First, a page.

For 3 years, it ran in the Greeley Tribune. Since then, it has run in various subsidiaries of the Douglas County News Press. I still have most of my columns in digital format.
For many years, I only gave myself one rule: try to work the word "library" into every piece. My intent was to think in public about just what librarianship means at the end of the 20th century and beginning of the 21st.
There have been many advantages for me. I found that putting library plans out in front of the public, and getting feedback about them, helped me make better decisions. Sometimes, I found that it was very difficult for me to describe those plans or policies -- the kind of thing that makes me realize that they might not be good ideas after all. The weekly discipline of explaining my profession to the public keeps me more mindful, more honest. It also has provided steady visibility for the library and its issues.
May 25, 2006 - Librarians Compete with Google
Every so often, someone asks me if libraries are really necessary now that we have Google.
We brought it on ourselves, I think.
There were a lot of librarians, pre-Google, who tried to define our profession solely on the idea of "information." Ask a librarian, and we'll look it up for you!
Then the Internet came along, then Google emerged as the top search engine. And the people who just would never take the time to phone a librarian, or stand in line at a desk to ask something, found Google marvelously convenient.
So if looking up answers was what librarians do, then Google seemed better: up 24/7, blindingly fast, and so dead simple anybody could use it. You always got something!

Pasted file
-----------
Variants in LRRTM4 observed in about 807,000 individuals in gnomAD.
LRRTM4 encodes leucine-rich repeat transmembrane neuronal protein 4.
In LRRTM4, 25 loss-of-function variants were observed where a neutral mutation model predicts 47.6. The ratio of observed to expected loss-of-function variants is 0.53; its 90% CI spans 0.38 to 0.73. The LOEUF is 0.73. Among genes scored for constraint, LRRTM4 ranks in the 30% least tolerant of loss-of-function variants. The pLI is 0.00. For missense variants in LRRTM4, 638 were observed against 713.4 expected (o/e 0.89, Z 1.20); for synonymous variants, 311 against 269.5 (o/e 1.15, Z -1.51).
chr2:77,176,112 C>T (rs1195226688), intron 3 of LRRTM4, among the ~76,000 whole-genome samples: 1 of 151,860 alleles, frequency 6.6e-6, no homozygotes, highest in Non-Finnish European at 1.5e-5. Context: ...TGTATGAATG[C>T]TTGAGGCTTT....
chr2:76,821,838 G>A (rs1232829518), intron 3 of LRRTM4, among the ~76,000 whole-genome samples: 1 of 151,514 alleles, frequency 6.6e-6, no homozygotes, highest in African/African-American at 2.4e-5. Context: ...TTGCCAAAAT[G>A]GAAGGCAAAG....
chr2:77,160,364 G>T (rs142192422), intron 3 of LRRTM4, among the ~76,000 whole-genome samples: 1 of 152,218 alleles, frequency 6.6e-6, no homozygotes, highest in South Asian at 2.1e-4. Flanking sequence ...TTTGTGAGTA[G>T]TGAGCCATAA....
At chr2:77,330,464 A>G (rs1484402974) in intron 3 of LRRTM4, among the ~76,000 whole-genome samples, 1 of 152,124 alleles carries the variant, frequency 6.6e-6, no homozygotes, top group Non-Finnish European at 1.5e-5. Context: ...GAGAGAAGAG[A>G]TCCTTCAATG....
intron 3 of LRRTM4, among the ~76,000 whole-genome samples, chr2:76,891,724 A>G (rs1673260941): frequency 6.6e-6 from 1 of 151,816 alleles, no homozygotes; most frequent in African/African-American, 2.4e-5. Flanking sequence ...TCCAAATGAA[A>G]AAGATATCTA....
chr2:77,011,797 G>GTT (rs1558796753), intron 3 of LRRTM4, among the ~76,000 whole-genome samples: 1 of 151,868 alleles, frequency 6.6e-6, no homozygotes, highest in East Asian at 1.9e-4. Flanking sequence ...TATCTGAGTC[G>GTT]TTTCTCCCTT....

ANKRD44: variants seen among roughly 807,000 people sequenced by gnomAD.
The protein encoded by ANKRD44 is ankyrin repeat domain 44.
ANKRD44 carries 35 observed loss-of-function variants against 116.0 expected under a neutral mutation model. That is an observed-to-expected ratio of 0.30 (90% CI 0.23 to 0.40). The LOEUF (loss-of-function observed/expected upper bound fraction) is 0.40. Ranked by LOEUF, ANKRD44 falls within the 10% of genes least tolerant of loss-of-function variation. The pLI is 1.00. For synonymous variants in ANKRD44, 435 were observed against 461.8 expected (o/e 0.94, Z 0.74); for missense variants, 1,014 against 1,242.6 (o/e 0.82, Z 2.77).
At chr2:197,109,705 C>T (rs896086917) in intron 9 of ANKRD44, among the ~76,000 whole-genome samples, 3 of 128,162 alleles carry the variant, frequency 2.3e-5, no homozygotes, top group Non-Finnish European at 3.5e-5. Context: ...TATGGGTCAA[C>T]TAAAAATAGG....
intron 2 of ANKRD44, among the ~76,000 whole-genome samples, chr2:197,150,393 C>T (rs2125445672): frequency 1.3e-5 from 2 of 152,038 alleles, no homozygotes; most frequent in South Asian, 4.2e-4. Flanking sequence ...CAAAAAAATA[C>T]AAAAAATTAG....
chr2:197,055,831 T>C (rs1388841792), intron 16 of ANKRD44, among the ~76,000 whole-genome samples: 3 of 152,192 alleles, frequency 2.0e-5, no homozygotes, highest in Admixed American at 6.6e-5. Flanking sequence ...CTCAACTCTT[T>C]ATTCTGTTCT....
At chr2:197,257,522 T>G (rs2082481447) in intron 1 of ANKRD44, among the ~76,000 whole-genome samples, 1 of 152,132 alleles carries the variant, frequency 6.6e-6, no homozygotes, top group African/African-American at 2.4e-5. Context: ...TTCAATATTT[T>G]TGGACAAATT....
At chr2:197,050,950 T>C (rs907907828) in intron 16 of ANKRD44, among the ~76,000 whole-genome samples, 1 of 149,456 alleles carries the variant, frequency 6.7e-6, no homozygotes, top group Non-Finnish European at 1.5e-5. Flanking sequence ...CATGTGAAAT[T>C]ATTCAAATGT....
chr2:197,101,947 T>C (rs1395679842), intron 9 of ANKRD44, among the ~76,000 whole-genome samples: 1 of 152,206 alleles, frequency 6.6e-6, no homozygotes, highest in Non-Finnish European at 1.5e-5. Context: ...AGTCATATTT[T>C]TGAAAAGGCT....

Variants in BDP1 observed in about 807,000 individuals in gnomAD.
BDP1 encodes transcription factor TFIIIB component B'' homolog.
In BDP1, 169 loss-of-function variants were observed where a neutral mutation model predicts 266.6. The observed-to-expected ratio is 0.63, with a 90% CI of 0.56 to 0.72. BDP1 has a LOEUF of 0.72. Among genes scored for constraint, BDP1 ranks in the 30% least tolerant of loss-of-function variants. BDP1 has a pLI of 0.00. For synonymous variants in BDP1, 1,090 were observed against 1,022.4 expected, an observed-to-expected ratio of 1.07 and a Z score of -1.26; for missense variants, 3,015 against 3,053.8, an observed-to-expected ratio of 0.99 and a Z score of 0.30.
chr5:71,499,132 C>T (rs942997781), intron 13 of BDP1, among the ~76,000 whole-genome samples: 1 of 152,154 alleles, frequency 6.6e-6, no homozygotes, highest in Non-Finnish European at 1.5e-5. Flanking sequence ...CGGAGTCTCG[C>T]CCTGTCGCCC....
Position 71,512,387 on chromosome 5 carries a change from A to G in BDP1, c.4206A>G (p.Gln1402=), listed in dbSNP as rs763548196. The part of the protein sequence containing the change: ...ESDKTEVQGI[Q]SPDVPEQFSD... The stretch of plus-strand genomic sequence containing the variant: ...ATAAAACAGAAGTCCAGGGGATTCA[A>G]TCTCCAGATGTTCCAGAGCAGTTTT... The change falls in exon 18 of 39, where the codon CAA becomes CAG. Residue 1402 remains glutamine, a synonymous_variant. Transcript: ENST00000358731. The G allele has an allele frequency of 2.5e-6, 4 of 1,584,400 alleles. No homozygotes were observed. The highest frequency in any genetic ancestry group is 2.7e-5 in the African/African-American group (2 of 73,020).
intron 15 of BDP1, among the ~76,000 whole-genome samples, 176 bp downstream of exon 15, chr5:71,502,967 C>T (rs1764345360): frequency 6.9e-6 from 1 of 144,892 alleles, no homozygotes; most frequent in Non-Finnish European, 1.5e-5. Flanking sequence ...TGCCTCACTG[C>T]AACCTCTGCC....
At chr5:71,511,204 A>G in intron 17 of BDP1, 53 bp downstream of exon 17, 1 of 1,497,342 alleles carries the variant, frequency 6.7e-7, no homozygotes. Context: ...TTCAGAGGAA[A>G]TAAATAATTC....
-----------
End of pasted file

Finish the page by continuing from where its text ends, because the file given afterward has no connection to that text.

There are two responses, though. First, "looking up questions" isn't the only thing librarians do.
There are a variety of services that are just as important: inculcating a love of reading in the young, allowing the public to sample the many offerings of both popular culture and more enduring works, providing common and neutral ground for the public to meet and talk with itself, helping the community solve a host of other issues. And more.
The second response is that even in "looking up questions," we're not down for the count.
People still DO talk to our reference librarians. In fact, the demand for reference services is rising far faster than our population growth -- by double digits every year.
Our conversations with the public often start with them saying, "There's nothing on the Internet, can you help me find something?" They mean that they did a Google search and couldn't find anything relevant.
A recent worldwide survey of some 5,000 online users revealed that most searchers have great confidence in their searching abilities. But we don't know if that confidence is justified.
For one thing, librarians really are good searchers. We can find things on Google that you can't.
And Google isn't the only game in town. Google indexes the public Internet. That encompasses many billions of pages. But the depth of those resources is often shallow.
It happens that we spend almost a quarter of a million dollars on other online resources. For just a hint of this shared treasure, go to our website (www.DouglasCountyLibraries.org) and click on Research Tools, then Research Resources. There it is: a public reference library, most of it searchable from home around the clock, and packed with high quality information.
We also have actual people (through various shared staffing arrangements) providing online reference help 24/7.
But here's the other way librarians have misrepresented ourselves.
Google's strength is its interface.
To date, librarians have gathered some wonderful sources, but until recently, you had to search them one by one -- a hassle that depends on a lot of familiarity with the tools. In short, it meant that you almost HAD to ask a librarian.
For a look at our latest effort (and still under development), head back to that library home page. On the upper right corner, pull down the "Select-A-Search" box. You can choose, Magazine Search, Just for Students, Business Search, Health Search, or Library website.
Most of these searches don't just search one of our commercial databases; they search sets of them.
Like Google, it's one stop shopping: one search box. But you'll pull up things Google doesn't have: authoritative commercial information, pre-paid by your library.
Give it a try.
Libraries were here before Google. We'll be here after. But that doesn't mean we can't learn from our competitors -- and even go them one better.